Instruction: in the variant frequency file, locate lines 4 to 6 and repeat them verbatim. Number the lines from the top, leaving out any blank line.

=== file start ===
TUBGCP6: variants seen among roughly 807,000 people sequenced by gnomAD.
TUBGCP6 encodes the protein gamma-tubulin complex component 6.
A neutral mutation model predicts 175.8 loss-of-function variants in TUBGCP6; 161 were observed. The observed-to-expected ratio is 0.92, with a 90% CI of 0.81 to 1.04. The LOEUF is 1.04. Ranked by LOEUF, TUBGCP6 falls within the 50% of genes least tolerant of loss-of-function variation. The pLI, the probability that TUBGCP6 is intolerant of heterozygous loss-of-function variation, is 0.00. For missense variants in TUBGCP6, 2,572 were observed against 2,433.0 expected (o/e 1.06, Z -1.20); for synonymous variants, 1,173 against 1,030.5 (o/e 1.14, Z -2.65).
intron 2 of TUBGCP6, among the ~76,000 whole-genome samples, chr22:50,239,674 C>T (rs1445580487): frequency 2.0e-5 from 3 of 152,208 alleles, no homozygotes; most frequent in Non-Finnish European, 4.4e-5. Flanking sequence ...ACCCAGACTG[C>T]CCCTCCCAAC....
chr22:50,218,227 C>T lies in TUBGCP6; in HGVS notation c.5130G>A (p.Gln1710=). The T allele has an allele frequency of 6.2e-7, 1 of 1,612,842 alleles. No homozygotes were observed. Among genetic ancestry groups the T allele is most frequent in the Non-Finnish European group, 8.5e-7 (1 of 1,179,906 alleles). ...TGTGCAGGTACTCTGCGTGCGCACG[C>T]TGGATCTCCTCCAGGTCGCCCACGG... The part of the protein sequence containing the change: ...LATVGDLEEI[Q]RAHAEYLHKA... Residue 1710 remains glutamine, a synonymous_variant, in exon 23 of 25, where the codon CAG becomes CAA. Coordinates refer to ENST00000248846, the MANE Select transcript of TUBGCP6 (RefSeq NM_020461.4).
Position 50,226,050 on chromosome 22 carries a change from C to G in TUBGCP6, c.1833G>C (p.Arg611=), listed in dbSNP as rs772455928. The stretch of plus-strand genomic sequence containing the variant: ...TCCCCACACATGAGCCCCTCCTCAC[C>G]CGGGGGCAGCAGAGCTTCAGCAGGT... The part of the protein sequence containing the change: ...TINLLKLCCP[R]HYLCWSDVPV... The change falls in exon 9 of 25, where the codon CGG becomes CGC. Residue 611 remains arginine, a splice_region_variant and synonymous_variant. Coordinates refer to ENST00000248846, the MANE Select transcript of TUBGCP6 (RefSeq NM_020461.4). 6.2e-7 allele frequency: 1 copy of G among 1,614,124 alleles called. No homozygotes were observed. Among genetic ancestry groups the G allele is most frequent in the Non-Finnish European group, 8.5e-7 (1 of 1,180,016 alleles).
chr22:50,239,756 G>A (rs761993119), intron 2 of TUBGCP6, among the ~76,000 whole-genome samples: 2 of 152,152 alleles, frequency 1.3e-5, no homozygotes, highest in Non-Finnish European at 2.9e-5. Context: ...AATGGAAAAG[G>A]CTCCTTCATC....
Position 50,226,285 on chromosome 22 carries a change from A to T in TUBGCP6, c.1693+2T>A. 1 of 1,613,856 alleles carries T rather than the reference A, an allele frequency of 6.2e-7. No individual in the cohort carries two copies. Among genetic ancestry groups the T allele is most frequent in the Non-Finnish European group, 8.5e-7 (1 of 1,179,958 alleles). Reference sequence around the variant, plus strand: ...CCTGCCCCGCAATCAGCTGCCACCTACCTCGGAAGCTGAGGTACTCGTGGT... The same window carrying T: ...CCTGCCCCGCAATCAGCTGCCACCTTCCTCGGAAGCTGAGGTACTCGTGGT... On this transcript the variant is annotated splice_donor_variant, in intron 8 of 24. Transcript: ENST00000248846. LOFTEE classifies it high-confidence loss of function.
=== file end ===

intron 2 of TUBGCP6, among the ~76,000 whole-genome samples, chr22:50,239,674 C>T (rs1445580487): frequency 2.0e-5 from 3 of 152,208 alleles, no homozygotes; most frequent in Non-Finnish European, 4.4e-5. Flanking sequence ...ACCCAGACTG[C>T]CCCTCCCAAC....
chr22:50,218,227 C>T lies in TUBGCP6; in HGVS notation c.5130G>A (p.Gln1710=). The T allele has an allele frequency of 6.2e-7, 1 of 1,612,842 alleles. No homozygotes were observed. Among genetic ancestry groups the T allele is most frequent in the Non-Finnish European group, 8.5e-7 (1 of 1,179,906 alleles). ...TGTGCAGGTACTCTGCGTGCGCACG[C>T]TGGATCTCCTCCAGGTCGCCCACGG... The part of the protein sequence containing the change: ...LATVGDLEEI[Q]RAHAEYLHKA... Residue 1710 remains glutamine, a synonymous_variant, in exon 23 of 25, where the codon CAG becomes CAA. Coordinates refer to ENST00000248846, the MANE Select transcript of TUBGCP6 (RefSeq NM_020461.4).
Position 50,226,050 on chromosome 22 carries a change from C to G in TUBGCP6, c.1833G>C (p.Arg611=), listed in dbSNP as rs772455928. The stretch of plus-strand genomic sequence containing the variant: ...TCCCCACACATGAGCCCCTCCTCAC[C>G]CGGGGGCAGCAGAGCTTCAGCAGGT... The part of the protein sequence containing the change: ...TINLLKLCCP[R]HYLCWSDVPV... The change falls in exon 9 of 25, where the codon CGG becomes CGC. Residue 611 remains arginine, a splice_region_variant and synonymous_variant. Coordinates refer to ENST00000248846, the MANE Select transcript of TUBGCP6 (RefSeq NM_020461.4). 6.2e-7 allele frequency: 1 copy of G among 1,614,124 alleles called. No homozygotes were observed. Among genetic ancestry groups the G allele is most frequent in the Non-Finnish European group, 8.5e-7 (1 of 1,180,016 alleles).